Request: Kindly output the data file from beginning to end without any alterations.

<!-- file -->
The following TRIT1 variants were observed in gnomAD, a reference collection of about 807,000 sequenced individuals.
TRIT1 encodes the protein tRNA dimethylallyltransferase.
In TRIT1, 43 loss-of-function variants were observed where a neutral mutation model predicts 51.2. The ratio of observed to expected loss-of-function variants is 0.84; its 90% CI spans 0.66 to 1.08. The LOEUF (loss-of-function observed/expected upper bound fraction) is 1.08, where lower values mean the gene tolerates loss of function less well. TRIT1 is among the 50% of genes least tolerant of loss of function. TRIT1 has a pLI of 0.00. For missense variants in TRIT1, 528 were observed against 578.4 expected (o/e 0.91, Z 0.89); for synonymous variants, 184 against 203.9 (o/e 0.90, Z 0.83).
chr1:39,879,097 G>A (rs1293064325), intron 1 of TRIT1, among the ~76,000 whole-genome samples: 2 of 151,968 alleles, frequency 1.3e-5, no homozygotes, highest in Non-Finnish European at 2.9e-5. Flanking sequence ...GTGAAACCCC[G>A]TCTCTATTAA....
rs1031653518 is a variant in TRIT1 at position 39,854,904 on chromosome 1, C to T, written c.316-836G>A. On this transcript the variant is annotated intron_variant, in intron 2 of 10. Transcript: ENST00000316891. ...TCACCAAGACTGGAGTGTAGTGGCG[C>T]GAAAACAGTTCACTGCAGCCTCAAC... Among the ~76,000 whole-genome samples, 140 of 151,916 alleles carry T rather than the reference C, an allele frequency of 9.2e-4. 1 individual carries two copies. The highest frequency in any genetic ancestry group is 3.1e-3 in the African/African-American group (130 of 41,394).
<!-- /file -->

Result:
The following TRIT1 variants were observed in gnomAD, a reference collection of about 807,000 sequenced individuals.
TRIT1 encodes the protein tRNA dimethylallyltransferase.
In TRIT1, 43 loss-of-function variants were observed where a neutral mutation model predicts 51.2. The ratio of observed to expected loss-of-function variants is 0.84; its 90% CI spans 0.66 to 1.08. The LOEUF (loss-of-function observed/expected upper bound fraction) is 1.08, where lower values mean the gene tolerates loss of function less well. TRIT1 is among the 50% of genes least tolerant of loss of function. TRIT1 has a pLI of 0.00. For missense variants in TRIT1, 528 were observed against 578.4 expected (o/e 0.91, Z 0.89); for synonymous variants, 184 against 203.9 (o/e 0.90, Z 0.83).
chr1:39,879,097 G>A (rs1293064325), intron 1 of TRIT1, among the ~76,000 whole-genome samples: 2 of 151,968 alleles, frequency 1.3e-5, no homozygotes, highest in Non-Finnish European at 2.9e-5. Flanking sequence ...GTGAAACCCC[G>A]TCTCTATTAA....
rs1031653518 is a variant in TRIT1 at position 39,854,904 on chromosome 1, C to T, written c.316-836G>A. On this transcript the variant is annotated intron_variant, in intron 2 of 10. Transcript: ENST00000316891. ...TCACCAAGACTGGAGTGTAGTGGCG[C>T]GAAAACAGTTCACTGCAGCCTCAAC... Among the ~76,000 whole-genome samples, 140 of 151,916 alleles carry T rather than the reference C, an allele frequency of 9.2e-4. 1 individual carries two copies. The highest frequency in any genetic ancestry group is 3.1e-3 in the African/African-American group (130 of 41,394).